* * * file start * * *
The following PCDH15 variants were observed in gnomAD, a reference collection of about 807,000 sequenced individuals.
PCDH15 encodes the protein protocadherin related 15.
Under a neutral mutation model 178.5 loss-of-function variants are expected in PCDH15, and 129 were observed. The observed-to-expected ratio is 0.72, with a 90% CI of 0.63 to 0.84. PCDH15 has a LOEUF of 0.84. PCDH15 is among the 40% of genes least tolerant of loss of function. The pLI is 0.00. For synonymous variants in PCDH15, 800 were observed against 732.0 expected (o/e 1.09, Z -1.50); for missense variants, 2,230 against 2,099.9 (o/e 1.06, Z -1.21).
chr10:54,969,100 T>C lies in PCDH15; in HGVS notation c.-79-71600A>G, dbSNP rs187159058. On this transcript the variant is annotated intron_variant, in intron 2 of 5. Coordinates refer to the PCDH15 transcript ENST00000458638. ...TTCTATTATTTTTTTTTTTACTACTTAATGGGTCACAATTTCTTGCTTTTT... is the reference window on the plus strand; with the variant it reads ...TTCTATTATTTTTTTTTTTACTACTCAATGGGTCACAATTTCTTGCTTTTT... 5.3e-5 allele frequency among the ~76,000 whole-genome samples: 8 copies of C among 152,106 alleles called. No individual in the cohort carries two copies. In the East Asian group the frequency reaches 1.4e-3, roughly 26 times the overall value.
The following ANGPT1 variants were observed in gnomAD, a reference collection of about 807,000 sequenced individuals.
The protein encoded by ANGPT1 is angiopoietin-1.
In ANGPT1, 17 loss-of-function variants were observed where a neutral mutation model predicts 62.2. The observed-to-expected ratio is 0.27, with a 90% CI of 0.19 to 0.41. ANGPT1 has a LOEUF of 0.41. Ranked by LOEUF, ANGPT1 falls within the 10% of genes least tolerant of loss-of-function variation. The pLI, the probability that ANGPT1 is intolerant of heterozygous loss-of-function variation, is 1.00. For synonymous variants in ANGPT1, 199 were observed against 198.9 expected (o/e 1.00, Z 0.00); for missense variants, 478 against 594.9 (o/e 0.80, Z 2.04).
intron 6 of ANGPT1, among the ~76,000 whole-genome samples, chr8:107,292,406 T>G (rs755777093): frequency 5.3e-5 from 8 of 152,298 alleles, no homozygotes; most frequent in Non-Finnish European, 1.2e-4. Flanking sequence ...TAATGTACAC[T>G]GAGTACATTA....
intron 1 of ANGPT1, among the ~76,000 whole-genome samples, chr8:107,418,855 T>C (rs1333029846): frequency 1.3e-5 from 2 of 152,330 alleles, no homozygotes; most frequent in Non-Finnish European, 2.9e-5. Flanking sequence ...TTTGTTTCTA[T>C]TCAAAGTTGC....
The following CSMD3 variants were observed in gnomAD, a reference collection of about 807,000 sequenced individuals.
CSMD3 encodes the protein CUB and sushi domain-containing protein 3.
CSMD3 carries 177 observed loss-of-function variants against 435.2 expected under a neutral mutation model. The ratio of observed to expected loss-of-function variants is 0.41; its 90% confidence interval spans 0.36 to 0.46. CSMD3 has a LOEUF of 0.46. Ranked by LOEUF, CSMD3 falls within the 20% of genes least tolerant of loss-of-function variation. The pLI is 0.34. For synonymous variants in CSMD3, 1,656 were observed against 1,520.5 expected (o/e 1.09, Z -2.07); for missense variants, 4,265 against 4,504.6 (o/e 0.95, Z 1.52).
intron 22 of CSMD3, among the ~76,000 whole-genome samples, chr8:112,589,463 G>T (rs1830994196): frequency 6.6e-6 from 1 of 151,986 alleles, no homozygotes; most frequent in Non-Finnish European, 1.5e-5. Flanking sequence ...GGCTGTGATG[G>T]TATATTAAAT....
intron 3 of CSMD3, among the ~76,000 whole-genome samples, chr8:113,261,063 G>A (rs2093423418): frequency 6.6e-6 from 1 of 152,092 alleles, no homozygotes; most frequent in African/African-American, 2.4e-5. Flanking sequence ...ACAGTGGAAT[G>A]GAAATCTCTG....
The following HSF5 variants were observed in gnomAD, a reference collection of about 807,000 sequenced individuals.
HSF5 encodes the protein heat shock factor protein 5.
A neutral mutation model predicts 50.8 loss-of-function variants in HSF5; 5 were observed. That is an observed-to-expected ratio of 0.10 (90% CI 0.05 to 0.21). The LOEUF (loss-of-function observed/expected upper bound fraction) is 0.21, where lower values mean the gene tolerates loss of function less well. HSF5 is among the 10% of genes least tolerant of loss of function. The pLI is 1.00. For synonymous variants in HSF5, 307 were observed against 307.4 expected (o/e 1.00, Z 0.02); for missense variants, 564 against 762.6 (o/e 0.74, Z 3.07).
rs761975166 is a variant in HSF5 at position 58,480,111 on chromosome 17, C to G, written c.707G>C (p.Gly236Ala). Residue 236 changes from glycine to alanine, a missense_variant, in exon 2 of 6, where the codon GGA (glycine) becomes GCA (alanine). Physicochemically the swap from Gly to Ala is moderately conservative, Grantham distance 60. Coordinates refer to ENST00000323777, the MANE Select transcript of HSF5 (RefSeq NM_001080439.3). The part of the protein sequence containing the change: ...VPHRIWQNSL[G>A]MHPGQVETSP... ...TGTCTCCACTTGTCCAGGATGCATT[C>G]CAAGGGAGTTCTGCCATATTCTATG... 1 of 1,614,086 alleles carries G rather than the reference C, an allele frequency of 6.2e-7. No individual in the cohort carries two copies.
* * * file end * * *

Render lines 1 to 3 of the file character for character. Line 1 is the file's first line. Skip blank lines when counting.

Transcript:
The following PCDH15 variants were observed in gnomAD, a reference collection of about 807,000 sequenced individuals.
PCDH15 encodes the protein protocadherin related 15.
Under a neutral mutation model 178.5 loss-of-function variants are expected in PCDH15, and 129 were observed. The observed-to-expected ratio is 0.72, with a 90% CI of 0.63 to 0.84. PCDH15 has a LOEUF of 0.84. PCDH15 is among the 40% of genes least tolerant of loss of function. The pLI is 0.00. For synonymous variants in PCDH15, 800 were observed against 732.0 expected (o/e 1.09, Z -1.50); for missense variants, 2,230 against 2,099.9 (o/e 1.06, Z -1.21).